According to an article by M. Brent Donnellan, et al. published in the Psychological Science journal in 2005, there is a strong link between low self-esteem and aggressive behavior as well as thoughts of aggression in teenagers. The authors argue that teenagers with low self-esteem may act aggressively to feel superior to others and boost feelings of worth. Teens with low self-esteem are at a higher risk of joining gangs and committing delinquent acts.
Teens with low self-esteem are more likely to drink, notes a study published in The Journal of Youth and Adolescence in 1997. Teenage boys in particular are more likely to abuse alcohol as a way of coping with low self-esteem. Teenagers who suffer from low self-esteem are also more likely to engage in reckless behavior such as taking drugs or having unprotected sex.
Teenagers with low self-esteem may have a distorted body image and try to control their weight with a reckless and unhealthy attitude to food, according to The American Academy of Child and Adolescent Psychiatry. Although it is more common for teenage girls, boys can also have problems with eating disorders such as anorexia nervosa or bulimia. Low self-esteem along with noticeable weight loss or weight gain can be signs of an emotional health problem.
Low self-esteem in teenagers is closely linked to school absence, as teens with low self-esteem are more likely to skip classes or to join in with others who are also skipping school. Teenagers with low self-esteem are also more likely not to take school study seriously, have poorer grades and also might engage in more disruptive behavior at school than their peers with higher self-esteem, notes Laura Berk, author of "Child Development."
Support and Empathy
Talk about the teasing and how this makes your teen feel. According to the U.S. Department of Education, parents should adopt an interested tone and communicate with kindness and affection. Talking about emotions can help you to respond to your teenager's lack of confidence. If, for example, she claims people make fun of her because she always gets the questions wrong during math class, you could encourage empathy by saying many people struggle with math, and then take time to help her with her math homework. You could also get a tutor or speak to her class teacher for extra support.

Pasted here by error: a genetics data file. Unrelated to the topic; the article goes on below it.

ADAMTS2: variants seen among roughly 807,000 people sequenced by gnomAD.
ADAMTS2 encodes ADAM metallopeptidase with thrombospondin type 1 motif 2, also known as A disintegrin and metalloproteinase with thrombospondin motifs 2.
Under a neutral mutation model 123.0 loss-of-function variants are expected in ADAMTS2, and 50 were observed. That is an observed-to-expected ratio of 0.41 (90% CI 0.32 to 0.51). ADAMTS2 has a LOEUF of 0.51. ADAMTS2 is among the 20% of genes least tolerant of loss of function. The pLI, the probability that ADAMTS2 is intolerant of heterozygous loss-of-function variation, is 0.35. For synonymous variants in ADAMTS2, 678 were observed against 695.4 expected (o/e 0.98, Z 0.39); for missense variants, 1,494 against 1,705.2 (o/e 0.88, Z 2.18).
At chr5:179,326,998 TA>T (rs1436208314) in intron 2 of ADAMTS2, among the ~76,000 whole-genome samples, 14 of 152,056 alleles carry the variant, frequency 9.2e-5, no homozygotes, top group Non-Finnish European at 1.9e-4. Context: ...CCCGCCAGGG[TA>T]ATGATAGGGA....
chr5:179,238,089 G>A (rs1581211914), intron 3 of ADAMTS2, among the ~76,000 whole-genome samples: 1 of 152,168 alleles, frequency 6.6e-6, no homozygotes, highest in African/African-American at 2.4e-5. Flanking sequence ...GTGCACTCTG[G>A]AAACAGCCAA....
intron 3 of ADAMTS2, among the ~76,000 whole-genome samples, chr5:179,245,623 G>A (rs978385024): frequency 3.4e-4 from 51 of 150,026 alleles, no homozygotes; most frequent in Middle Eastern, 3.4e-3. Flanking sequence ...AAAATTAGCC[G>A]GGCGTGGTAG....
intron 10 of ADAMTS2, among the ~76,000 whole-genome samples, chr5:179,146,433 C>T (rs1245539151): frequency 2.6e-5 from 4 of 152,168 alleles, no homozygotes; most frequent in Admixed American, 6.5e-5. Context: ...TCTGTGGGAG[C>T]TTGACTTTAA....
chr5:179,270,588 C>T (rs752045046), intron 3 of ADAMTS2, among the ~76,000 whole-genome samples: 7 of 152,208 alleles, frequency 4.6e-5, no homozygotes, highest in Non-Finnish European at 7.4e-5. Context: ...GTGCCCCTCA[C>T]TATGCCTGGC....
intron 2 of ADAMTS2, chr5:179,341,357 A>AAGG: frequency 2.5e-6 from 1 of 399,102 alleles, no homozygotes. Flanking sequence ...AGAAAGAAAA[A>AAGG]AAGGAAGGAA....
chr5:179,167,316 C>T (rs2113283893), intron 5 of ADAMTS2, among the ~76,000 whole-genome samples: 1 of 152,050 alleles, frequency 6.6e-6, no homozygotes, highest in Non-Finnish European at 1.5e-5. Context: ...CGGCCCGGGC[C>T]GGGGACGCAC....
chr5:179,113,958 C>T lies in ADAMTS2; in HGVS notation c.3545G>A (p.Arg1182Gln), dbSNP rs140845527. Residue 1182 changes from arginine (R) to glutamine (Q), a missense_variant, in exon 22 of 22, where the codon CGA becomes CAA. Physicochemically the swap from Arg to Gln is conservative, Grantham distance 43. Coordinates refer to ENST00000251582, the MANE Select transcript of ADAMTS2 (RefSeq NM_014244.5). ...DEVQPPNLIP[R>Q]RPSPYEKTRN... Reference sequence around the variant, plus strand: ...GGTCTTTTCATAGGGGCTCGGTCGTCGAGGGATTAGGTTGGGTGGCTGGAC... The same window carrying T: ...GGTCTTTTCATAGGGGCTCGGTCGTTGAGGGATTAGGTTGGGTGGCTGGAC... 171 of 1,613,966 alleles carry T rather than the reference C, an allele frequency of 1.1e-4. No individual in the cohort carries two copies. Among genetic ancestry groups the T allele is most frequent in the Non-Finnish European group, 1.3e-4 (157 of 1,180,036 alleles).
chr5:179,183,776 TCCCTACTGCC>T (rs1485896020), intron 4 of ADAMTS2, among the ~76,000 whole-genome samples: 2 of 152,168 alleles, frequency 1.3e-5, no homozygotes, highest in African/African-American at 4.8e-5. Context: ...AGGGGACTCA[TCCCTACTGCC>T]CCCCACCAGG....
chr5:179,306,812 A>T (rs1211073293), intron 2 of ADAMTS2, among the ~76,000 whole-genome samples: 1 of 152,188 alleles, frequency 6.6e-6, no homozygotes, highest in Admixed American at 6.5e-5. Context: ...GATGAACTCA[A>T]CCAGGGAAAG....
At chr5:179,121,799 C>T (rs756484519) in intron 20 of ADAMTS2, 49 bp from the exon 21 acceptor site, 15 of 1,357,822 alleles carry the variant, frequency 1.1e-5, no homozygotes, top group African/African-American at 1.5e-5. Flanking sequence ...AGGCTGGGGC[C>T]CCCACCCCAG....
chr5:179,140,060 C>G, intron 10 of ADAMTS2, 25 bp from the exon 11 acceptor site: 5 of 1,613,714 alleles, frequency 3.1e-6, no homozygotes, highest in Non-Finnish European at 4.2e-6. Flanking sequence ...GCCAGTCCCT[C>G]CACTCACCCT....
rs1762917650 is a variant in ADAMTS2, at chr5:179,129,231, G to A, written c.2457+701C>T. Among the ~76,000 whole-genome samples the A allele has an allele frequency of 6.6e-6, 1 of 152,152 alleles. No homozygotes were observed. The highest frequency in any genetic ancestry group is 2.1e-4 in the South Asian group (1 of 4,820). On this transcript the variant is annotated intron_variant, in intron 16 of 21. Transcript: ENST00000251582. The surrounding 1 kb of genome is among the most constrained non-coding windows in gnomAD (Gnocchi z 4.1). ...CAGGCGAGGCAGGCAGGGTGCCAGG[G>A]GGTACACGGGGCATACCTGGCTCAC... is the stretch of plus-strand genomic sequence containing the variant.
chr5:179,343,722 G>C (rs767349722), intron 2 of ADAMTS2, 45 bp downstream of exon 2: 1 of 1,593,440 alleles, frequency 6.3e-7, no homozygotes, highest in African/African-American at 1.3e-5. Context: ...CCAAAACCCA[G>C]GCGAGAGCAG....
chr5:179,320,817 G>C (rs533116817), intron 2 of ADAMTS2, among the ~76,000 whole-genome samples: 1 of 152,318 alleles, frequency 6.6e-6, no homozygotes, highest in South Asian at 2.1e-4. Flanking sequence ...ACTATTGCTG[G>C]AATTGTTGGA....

Encourage your teen in her hobbies. The American Academy of Pediatrics' HealthyChildren.org says that when parents support their teen's interests they will boost self confidence and help teens develop their identity. Sports or music is a popular choice for many teens, and even if you don't like the heavy metal band your teenager has formed, showing you support him and encouraging him to practice will help with his general confidence. If your teen has any success in his hobby, such as winning at a local skateboarding competition, you can let the school administration, who may want to celebrate it, know, which could make his school colleagues feel proud of him and reduce their teasing.
Volunteer with your teen in your local community. There are usually many opportunities in which to get involved, such as serving together at a soup kitchen. The child development experts at the Kids Health website say that volunteering is an effective way to increase your teen's self-esteem and make her feel good about herself as she is helping others who are less fortunate. As she will come into contact and work alongside people of different backgrounds, volunteering will help her learn tolerance toward others, such as those making fun of her at school.
If you are concerned your teenager is being bullied, or if your teen is continually made fun of, make an appointment to see the school principal to discuss what action will be taken. If your teenager doesn't have many friends at school, try to encourage her to join clubs, such as a church youth group, where she can meet new people and make friends outside school.
Low self-confidence can lead to destructive behavior, such as drug taking and alcohol abuse. If you are concerned or you feel your teenager is suffering from depression, see his doctor for further advice.
Encourage your youngster to focus on her strengths instead of dwelling on weaknesses. By celebrating successes, your teen can stay motivated to continue learning and growing. Tell your child, “Everyone has weak areas, but concentrating on your strengths will make you stronger overall.”